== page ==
How 5 Other Countries Approach Childbirth
America is the land of the free, the home of the brave, and the domicile of broke parents. With or without insurance, the U.S. is the most expensive place to give birth in the world. At the same time, America has one of the highest rates of infant and maternal death among developed nations. Maybe it's time to consider how a few other countries approach childbirth.
1. The Netherlands
Except in high-risk cases, women in the Netherlands turn to midwives, not obstetricians, during their pregnancies. Couples have the option of a hospital birth, but most choose to stay home. In that case, the Kraampakket comes in handy. It sounds like something you might buy at IKEA, but it's actually a home delivery kit sent to every mother-to-be in Holland. (Watch this American expatriate open hers.)
The Dutch healthcare system includes universal coverage with the option of additional private plans. Once a baby's born, insurance pays for at least a week of home care visits called kraamhulp. A nurse will visit the new mom each day to take care of everything, from caring for mom and baby to cooking and cleaning.
Pamela Druckerman's 2012 book Bringing Up Bébé made thousands of moms want to relocate. Who could blame them? The American expatriate author observed that French parents are happier, more relaxed, and better-balanced overall than parents in the U.S. (However, Druckerman didn't say that pregnant French women won't get fat.) It could have something to do with a national healthcare system that covers approximately 70 percent of health costs and is supplemented with additional care plans. Housecalls are a big perk. Nurses at the Maternal and Infant Protection Service visit moms during and after pregnancy to teach childcare skills, provide care, and make sure parents aren't negligent. But if you want your laundry done, you're going to have to ask someone else.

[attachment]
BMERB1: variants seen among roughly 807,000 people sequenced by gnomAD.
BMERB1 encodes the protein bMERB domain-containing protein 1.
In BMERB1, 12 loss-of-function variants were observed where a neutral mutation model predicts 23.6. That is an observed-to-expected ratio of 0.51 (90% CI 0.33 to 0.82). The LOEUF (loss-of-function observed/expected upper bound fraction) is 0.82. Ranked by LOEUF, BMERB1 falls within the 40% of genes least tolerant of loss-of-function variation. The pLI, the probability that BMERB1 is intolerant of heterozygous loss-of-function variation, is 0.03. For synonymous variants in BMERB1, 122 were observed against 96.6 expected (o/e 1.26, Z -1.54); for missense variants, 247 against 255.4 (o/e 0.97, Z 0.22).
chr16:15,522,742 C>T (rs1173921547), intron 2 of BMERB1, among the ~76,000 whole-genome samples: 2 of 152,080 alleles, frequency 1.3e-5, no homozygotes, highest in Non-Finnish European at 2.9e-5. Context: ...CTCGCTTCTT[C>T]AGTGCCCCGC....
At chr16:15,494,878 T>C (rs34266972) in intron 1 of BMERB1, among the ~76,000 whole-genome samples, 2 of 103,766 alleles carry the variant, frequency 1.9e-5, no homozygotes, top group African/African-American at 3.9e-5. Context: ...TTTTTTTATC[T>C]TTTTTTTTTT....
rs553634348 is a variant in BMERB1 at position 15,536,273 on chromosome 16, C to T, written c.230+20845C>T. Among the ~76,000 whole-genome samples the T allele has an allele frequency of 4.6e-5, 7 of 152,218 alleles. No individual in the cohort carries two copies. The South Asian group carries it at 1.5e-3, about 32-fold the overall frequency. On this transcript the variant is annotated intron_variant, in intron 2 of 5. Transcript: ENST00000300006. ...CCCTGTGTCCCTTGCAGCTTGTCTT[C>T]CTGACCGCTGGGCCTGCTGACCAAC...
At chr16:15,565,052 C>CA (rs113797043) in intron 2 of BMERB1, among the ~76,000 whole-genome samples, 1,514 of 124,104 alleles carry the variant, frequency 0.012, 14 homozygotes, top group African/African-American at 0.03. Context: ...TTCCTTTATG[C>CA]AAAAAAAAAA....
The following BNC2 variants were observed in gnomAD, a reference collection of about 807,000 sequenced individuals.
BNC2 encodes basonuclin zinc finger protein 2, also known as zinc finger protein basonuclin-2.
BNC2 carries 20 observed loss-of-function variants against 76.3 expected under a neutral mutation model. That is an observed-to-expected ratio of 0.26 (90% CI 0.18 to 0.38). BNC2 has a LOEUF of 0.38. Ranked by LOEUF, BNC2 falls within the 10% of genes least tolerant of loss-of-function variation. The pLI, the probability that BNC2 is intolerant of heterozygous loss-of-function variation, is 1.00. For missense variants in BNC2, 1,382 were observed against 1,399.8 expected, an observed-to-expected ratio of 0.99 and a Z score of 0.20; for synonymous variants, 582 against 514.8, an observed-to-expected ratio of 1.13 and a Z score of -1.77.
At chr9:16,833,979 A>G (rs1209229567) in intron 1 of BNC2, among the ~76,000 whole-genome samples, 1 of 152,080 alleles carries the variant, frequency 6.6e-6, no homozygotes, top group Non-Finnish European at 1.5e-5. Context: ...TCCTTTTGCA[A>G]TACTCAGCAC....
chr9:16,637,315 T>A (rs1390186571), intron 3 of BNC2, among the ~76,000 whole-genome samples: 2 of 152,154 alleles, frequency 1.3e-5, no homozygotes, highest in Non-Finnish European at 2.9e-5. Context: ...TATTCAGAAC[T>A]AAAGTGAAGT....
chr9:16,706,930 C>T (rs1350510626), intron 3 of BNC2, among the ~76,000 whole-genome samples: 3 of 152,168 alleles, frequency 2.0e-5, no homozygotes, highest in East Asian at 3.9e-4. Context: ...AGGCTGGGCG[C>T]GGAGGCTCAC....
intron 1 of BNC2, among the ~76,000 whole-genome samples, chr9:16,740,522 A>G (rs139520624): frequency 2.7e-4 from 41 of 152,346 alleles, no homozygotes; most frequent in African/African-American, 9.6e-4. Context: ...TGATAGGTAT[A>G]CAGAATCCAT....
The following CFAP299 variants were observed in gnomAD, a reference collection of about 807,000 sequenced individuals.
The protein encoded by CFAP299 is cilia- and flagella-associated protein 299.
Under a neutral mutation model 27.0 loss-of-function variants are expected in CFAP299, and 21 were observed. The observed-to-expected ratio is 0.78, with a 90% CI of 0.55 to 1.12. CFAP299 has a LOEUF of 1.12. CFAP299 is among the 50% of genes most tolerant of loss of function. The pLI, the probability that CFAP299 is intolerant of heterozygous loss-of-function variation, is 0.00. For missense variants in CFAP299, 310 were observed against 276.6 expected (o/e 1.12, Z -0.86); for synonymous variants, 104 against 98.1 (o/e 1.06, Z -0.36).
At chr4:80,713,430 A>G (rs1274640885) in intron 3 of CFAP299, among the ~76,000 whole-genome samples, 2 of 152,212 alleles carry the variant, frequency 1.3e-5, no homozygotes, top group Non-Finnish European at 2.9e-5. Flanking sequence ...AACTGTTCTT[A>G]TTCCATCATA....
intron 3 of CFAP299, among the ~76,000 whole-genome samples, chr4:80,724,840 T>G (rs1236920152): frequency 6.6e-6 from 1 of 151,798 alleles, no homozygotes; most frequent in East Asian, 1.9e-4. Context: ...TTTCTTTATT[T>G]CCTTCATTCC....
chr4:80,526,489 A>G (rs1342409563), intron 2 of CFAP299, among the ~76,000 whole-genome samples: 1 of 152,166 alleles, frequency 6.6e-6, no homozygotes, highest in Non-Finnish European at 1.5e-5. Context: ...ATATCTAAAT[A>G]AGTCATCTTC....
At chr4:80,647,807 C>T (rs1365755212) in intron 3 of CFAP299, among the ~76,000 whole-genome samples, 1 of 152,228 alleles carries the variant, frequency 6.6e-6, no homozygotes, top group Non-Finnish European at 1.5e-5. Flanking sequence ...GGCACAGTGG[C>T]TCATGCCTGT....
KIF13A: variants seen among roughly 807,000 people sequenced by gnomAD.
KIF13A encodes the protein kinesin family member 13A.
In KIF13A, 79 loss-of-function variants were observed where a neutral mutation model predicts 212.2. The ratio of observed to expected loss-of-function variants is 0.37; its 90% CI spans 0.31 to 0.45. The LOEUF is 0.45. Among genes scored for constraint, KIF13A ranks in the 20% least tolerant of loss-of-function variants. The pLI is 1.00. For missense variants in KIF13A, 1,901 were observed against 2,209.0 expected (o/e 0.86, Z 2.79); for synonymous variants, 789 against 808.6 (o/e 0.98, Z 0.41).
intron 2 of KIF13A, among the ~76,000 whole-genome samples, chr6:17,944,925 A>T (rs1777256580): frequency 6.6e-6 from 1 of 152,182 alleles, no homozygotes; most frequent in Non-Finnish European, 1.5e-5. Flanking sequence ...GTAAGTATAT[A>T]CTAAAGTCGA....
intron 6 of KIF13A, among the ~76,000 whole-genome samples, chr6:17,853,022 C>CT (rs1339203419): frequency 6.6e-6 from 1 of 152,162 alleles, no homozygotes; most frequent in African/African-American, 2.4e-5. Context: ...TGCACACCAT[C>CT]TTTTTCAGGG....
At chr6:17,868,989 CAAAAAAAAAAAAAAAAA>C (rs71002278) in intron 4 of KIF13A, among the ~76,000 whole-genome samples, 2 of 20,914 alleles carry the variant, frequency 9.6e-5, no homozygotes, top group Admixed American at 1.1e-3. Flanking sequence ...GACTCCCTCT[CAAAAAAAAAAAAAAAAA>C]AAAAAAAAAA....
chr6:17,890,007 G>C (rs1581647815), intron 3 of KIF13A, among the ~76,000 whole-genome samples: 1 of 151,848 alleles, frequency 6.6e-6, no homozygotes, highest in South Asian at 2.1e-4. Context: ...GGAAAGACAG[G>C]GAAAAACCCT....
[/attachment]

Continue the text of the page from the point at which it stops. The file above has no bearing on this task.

Midwives call the shots in Deutschland. They're legally required at every birth. Doctors aren't.
But here's something that'll really make you cry—with joy or outrage, depending on where you live. This infographic from the International Labour Organization illustrates paid parental (not just maternal) leave in other countries. You'll notice that German women get at least 98 days of fully-paid maternity leave. U.S. employers aren't required to provide any.
It's not uncommon for pregnancy to be treated as a career liability, even in countries that outlaw such discrimination. Not so for German women. They legally can't be fired after announcing their pregnancy. (The same goes for women in the U.K.). Full-time workers can take up to three years of unpaid leave and will still have a job if and when they return to work.
Most of the other countries you've read about so far emphasize midwifery, comprehensive maternity care, and natural birth over C-sections. Japanese women usually deliver in modern hospitals with doctors, but many still consider unmedicated birth a rite of passage. Fathers are allowed in the delivery room if they've taken prenatal classes. Otherwise, they stay in the waiting room. But the biggest difference is one you might have to hear—or not hear—to believe. Japanese women are discouraged from screaming in pain during childbirth. Instead, they keep calm and push on.
Japanese women recover in the hospital for at least five days, even after a perfectly healthy delivery. Once released, the new mother begins a 21-day bed rest, usually at the mother's parents' house. Mom and baby bond during this time, and friends come to visit the new bundle of joy.
Women in China have an even stricter time-out period after birth. When new moms "sit the month," they spend 30 days bundled up in warm pajamas and slippers. They aren't allowed to bathe themselves, eat fruits and vegetables, or cuddle their babies too much. The goal is to restore their health with Chinese medicine and breastmilk-stimulating foods while also learning how to care for their infants. (Because of China's one-child policy, many men and women don't have experience with babies.) Traditionally, women "sit the month" at home. Now well-to-do families send new moms to luxury confinement centers, where they have 24-hour nurse supervision. Giving birth might be the easiest part of the process!